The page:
David Porter made his name as half of the Porter-Isaac Hayes hitmaking machine in the ‘60s before striking out on his own in the ‘70s. His version of “I Don’t Know Why” easily tops the Jackson 5’s reading. Michael Jackson just isn’t old enough to put the necessary grit in his vocals and ends up practically shouting the song. The gold medal here, though, goes to the co-author and original performer Stevie Wonder. Released as a single from his 1968 album “For Once In My Life,” the song peaked at No. 16 on the R&B charts. Wonder’s vocals simmer, building in intensity until they boil over at the 1:40 mark. Wonder sings so hard he’s almost out of breath as the great arrangement continues to build until the only options are to explode out of the speakers or fade out. Faced with potential lawsuits from music lovers, the track ends just under the three-minute mark.

Winner: Motown

Round 3 – “You’ve Got to Earn It”

Staples Singers vs. the Temptations

One of the Staples Singers’ biggest hits, this song is so closely identified with the group that I didn’t even know the Temptations recorded the original. This Smokey Robinson-penned number was released in 1965 on the b-side of “Since I Lost My Baby.” The Tempts version is serviceable, but aside from Eddie Kendricks’ lead vocals isn’t that memorable. The Staples version trumps on every level: Mavis Staples great singing, the spectacular arrangement featuring a signature descending horn line and harmonica, and the soulful playing and support of Pops and Yvonne Staples.

Winner: Stax

Round 4 – “Can I Get a Witness”

Calvin Scott vs. Marvin Gaye

In the NFL, when a play is challenged and the officials go under the hood for review, there must be incontrovertible evidence to overturn the call. So goes it with covers. It is not sufficient to merely equal the original recording, the burden of the cover is to surpass the original. Calvin Scott does a good job putting his twist on one of Marvin Gaye’s earliest hits, but he doesn’t add anything to it either. Take pity on Scott, however – topping Gaye is no small feat.

Winner: Motown

Round 5 – “Reach Out (I’ll Be There)”

Mar-Keys vs. Four Tops

Although some session credits are available, the Mar-Keys kind of became the catch name for whoever was playing with the Memphis Horns. Some of their cuts ended up on Booker T. and the MGs or Isaac Hayes albums, some were added to Bar-Kays releases and others credited to the Mar-Keys themselves. The Mar-Keys’ 1971 version of “Reach Out (I’ll Be There)” is one of the numbers that has fallen through the cataloging cracks – Stax historians aren’t really sure who played on it. However, one fact is indisputable: this track rocks. Andrew Horn blows a mad sax solo with enough grit and soul to match Levi Stubbs’ incomparable voice, while the rest of the musicians strip the sheen laid by the Funk Brothers on the original Motown recording. That said, the Four Tops version became one of their defining performances for good reason. The decision here comes down to preference: the dirtier R&B of Stax or the polished soul of Motown. I like ‘em both.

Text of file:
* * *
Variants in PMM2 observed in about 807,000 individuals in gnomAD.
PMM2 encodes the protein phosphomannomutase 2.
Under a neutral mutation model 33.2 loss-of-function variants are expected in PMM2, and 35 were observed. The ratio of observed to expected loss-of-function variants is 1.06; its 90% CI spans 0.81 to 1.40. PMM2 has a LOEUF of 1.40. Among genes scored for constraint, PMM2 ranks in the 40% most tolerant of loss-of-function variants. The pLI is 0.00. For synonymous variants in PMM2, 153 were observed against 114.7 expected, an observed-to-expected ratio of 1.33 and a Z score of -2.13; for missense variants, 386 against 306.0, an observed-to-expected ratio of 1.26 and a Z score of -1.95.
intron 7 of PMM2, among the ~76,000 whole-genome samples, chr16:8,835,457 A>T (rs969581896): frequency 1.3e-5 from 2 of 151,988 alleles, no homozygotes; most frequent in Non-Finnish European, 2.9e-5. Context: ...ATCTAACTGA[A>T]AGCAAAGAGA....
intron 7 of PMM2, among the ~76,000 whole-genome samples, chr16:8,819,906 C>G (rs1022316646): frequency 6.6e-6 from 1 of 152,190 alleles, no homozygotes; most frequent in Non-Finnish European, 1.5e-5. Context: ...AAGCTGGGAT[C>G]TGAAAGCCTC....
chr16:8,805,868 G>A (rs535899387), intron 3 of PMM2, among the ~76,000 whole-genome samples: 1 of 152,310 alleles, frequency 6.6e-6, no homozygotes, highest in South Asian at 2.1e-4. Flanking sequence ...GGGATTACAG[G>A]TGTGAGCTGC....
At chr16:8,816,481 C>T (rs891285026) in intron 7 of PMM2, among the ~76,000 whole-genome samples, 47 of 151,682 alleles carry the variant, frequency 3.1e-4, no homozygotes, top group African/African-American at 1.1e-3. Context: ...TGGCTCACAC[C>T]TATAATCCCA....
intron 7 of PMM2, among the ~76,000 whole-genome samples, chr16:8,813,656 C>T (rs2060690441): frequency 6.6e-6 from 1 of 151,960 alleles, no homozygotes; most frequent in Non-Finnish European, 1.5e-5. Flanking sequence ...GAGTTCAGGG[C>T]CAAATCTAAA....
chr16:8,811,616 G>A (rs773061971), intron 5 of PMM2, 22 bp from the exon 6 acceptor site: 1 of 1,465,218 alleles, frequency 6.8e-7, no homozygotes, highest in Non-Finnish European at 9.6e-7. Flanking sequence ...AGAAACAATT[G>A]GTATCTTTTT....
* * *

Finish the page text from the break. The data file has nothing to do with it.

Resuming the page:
Winner: Push

Round 6 – “Never Can Say Goodbye”

Isaac Hayes vs. Jackson 5

Isaac Hayes and the Jackson 5 both released their interpretations of Clifton Davis’ “Never Can Say Goodbye” in 1971. The results couldn’t be more different. The pain in Hayes’ deep voice pits him as a grown man with life experience against a bunch of talented kids acting their hearts out. In the weeks following the death of Michael Jackson, the J5 performance has become an unofficial tribute to their singer. It’s a fine sentiment, but, as Mos Def would say, this is grown man business. Hayes wins, no contest.

Winner: Stax

Round 7 – “My Cherie Amour”

Billy Eckstein vs. Stevie Wonder

In the 1940s, Billy Eckstein’s orchestra was one of the first large bop combos in jazz, providing an early home for Dexter Gordon, Miles Davis, Art Blakey, Charlie Parker and Dizzy Gillespie. In the ‘50s, Eckstein’s smooth voice influenced up-and-coming soul singers like Sam Cooke and Solomon Burke. Eckstein dabbled in both soul and jazz in the 1960s, even popping up on  a couple Motown LPs. Although his career was pretty much over by the ‘70s, Al Bell was able to coax the legend to cut a few albums for Stax. Unfortunately, Eckstein’s 1970 delivery of “My Cherie Amour” borders on parody and sadly resembles Jim “Gomer Pyle” Nabors’ version of “You Are the Sunshine Of My Life” that may be found on the Golden Throats series.

Winner: Motown

Round 8 – “Oh, Be My Love”

Barbara Lewis vs. Smokey Robinson and the Miracles

Barbara Lewis actually got her start as a teen soul singer in early ‘60s Detroit before finding greater success on Stax. Based on this number, it’s odd that Berry Gordy passed on Lewis at a time when he was seemingly signing every promising young singer in the city. Lewis’ voice is a perfect fit for the Motown sound. Then again, maybe it’s for the best Lewis didn’t join the Motown family. Chances are she would have ended up another in the long line of promising female talents discarded in the wake of Diana Ross. Lewis does a fine job with this interpretation of a 1967 Miracles b-side penned by Smokey Robinson. Unfortunately, the original version could not be located for comparison.

Winner: No decision

Round 9 – “I Hear a Symphony”

Booker T. and the MGs vs. Diana Ross and the Supremes